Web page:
Ironically, it is the same transnational capital from the north that will continue to benefit from this production system that it promotes, and collects the benefits from the poor that it causes. Migrants' remittances is now the next feast of capital. On the other hand, while the poor countries of Latin America pay 40 billion dollars (billion dollars) in interest annually and 250 billion dollars all the countries of the South, [2] contracted with the International Financial Institutions (IFI's), or other millions of dollars are destined for the rescue of banks, highways, sugar mills and other privatizations that have failed due to foreign direct investment or local private initiative, the Inter-American Development Bank ( IDB) announces a "donation" of 200 thousand dollars to Mexico to alleviate the poverty of more than 500 municipalities in the country of the states of Chiapas, Hidalgo, Oaxaca, Puebla and Veracruz, which would be equivalent to a few cents of the dollar per victim. Meanwhile, actor Mel Gibson donates a million dollars for reconstruction in Mexico. But who will donate something for the political disasters of the presidential campaigns that are more embarrassing than the hurricane disasters? Despite any help that is greatly appreciated, it will not stop the migratory flow. Let us analyze the evolution of remittances to imagine the trends and the scheme that the Mexican government has in place to capture the benefit of the migration of the poor from Mexico.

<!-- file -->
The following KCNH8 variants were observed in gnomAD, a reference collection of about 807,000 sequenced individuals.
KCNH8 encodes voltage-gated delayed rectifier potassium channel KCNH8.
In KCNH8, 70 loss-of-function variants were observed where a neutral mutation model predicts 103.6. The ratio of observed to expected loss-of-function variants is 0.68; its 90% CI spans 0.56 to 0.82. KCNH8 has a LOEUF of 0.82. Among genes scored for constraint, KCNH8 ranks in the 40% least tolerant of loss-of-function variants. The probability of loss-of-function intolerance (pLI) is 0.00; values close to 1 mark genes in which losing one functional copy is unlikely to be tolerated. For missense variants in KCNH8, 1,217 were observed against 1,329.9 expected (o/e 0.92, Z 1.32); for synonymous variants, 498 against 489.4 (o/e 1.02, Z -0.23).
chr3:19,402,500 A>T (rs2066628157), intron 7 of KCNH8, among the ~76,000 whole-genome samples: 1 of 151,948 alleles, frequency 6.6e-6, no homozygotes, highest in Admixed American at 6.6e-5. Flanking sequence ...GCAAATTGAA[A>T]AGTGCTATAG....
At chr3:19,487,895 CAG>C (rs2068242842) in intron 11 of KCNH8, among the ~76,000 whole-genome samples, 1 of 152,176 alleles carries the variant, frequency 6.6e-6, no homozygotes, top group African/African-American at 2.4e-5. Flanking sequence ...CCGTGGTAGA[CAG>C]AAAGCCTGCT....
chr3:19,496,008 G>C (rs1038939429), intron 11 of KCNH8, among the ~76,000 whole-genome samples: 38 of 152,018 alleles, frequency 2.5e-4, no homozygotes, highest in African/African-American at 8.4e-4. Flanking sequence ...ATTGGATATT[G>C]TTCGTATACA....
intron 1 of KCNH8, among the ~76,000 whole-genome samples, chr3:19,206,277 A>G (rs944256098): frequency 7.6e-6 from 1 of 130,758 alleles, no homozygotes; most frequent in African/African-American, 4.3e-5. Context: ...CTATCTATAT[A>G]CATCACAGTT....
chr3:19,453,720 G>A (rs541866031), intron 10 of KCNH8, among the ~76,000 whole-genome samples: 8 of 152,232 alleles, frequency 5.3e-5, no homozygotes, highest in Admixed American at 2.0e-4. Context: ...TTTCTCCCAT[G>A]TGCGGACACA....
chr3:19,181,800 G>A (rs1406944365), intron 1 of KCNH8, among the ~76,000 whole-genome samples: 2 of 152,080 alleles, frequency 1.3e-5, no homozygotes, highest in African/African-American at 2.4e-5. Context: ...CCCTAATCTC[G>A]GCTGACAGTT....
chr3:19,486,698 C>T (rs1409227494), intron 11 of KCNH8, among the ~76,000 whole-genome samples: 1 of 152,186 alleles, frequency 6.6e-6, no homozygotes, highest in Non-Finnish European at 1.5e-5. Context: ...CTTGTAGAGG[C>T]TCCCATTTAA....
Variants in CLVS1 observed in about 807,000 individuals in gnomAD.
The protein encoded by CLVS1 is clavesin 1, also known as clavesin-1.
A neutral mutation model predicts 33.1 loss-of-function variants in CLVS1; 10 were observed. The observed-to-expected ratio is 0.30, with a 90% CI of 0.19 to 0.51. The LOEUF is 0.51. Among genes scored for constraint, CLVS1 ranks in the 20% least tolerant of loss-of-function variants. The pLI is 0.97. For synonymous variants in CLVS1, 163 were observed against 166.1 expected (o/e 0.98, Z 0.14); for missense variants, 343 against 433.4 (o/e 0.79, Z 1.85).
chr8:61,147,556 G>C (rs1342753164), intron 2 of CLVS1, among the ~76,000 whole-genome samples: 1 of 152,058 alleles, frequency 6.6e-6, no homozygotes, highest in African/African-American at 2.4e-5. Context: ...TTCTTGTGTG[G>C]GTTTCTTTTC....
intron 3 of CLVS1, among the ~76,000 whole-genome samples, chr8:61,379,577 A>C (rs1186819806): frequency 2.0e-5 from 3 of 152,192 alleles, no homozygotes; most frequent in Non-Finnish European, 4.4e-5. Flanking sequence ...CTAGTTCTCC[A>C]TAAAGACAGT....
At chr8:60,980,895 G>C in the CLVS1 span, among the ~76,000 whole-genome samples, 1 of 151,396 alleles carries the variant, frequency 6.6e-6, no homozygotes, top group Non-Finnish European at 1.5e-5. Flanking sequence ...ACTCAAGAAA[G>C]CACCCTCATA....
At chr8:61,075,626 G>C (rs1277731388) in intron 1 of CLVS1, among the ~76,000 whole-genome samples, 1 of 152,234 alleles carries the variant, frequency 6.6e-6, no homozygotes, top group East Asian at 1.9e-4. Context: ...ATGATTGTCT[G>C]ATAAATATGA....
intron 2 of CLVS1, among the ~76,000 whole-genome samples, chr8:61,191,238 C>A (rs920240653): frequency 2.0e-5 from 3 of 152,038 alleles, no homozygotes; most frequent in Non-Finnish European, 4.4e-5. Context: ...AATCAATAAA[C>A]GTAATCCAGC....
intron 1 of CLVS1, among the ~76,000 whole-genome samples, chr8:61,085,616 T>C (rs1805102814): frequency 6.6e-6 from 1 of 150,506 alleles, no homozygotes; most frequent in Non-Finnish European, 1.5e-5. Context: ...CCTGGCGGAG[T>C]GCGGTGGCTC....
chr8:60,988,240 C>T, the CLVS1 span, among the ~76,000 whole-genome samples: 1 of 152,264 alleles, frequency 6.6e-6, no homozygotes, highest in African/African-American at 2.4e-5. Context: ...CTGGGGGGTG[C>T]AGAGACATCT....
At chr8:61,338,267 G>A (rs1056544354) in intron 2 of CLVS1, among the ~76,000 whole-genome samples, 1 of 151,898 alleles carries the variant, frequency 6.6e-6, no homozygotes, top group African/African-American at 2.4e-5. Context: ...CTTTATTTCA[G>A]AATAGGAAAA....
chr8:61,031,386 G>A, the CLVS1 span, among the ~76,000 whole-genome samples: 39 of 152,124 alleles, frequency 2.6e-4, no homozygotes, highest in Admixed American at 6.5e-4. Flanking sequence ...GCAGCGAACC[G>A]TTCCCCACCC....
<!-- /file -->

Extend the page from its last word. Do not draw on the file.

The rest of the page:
Evolution of Remittances

According to the National Population Council (CONAPO), the migration of Mexicans to the US increased between 1980 and 2003, where the number of people who reside there, born in Mexico, increased from 2.2 million to 9.9 million. This equates to an increase of almost 500%. CONAPO points out that the Mexican-US migratory flow. it is the largest of any other flow between two nations. Currently the population of Mexican origin in that country, including those born there, is approximately 27 million. For María Elena Zúñiga, General Secretary of CONAPO, more than 1,100 Mexicans emigrate daily to the United States, of which more than 75% do so illegally. It reports that more than 400 municipalities in the country (16.3% of the 2,442) are staying with the elderly, women and children. The more than 400 thousand migrants a year invest more in Mexico with their remittances than the federal government with its budgets to combat poverty in branches 28 and 33. The Council indicates that remittances represent 57% of current monetary income in rural households. The economic dependence for the survival of Mexicans is such that 20% of the households that receive remittances represent the only monetary income.